The Girls by Emma Cline

Last month I found out that almost everyone on my Twitter timeline was talking about a book called The Girls by Emma Cline, and it was not only my fellow and trusted bloggers, but non-literary vloggers as well, such as Lex. I did some research online and when I found out what the book was about I knew I had to get my hands on a review copy as soon as possible before Penguin Random House ran out of them in the summer.

The Girls by Emma Cline

The Girls tells the story of Evie from two moments in her life: the present, and the 1969 fateful summer in California when she first saw Suzanne. Long-haired, a bit dirty, and verging on too-thing, Suzanne will bring to mind the heroine-chic image of the 1990’s. And middle-class, and sixteen-year old Evie fell for that image like many other men and women have done ever since. From this moment on, Evie will find her own rebellion against her parents and the comfort and security they stand for, while Suzanne will let her into a new world of drugs, sex, and death.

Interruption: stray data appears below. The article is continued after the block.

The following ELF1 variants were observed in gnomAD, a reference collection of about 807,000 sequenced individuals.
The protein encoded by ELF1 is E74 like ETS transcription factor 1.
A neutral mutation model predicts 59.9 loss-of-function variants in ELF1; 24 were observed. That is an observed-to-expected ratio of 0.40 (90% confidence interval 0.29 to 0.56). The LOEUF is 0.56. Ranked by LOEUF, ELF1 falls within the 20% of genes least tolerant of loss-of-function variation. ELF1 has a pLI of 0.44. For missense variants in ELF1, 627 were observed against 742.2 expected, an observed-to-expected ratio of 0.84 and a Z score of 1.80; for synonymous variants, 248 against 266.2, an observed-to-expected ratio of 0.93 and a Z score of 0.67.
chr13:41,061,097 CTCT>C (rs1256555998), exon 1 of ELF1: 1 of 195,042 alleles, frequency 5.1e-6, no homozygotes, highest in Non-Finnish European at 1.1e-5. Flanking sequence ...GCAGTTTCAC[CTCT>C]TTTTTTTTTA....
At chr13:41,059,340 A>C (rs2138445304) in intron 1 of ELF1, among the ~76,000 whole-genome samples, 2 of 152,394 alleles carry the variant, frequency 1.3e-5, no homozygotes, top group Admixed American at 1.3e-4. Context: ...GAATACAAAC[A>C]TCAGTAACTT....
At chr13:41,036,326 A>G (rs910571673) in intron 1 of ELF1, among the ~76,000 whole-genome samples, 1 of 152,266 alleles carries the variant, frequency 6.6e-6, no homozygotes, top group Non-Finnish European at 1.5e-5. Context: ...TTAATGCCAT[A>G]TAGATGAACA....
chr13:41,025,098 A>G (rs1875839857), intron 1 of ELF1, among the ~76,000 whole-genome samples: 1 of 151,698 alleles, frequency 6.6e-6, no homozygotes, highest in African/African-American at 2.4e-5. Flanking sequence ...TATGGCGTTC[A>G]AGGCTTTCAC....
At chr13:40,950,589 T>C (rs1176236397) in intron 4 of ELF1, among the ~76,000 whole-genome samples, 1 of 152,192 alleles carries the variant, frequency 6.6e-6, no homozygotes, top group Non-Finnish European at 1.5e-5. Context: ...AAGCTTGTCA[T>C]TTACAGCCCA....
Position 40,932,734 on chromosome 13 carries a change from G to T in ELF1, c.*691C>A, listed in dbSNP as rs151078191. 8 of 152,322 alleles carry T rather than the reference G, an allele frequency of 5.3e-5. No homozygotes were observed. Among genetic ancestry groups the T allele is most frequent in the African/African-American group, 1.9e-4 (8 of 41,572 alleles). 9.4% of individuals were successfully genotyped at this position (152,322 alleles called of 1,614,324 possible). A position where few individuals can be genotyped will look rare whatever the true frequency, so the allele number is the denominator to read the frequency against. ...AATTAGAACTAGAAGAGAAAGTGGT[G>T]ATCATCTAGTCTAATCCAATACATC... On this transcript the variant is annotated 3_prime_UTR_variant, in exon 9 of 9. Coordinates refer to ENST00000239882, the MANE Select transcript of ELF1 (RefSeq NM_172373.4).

If you are a reader of crime fiction or have any interest at all in the history of crime, the plot of The Girls will ring a bell or two. Cline’s inspiration for the book is the Manson Family and the killings that Manson’s followers perpetrated in 1969. The similarities with the Manson Family crimes are many, beginning with Suzanne’s name,  inspired by real-life Susan Atkins, and the key role music plays in the story. I mention this here because it does not take anything away from the book. Evie’s story is a bildungsroman and a coming-of-age story with a dark and twisted turn. But we know from the very first page that she comes alive out of it. The novel is still built around the crimes, but Cline’s elegant and captivating prose is all about Evie and how she construct her identity at a time when the hippie culture was everywhere and middle-class values were rejected.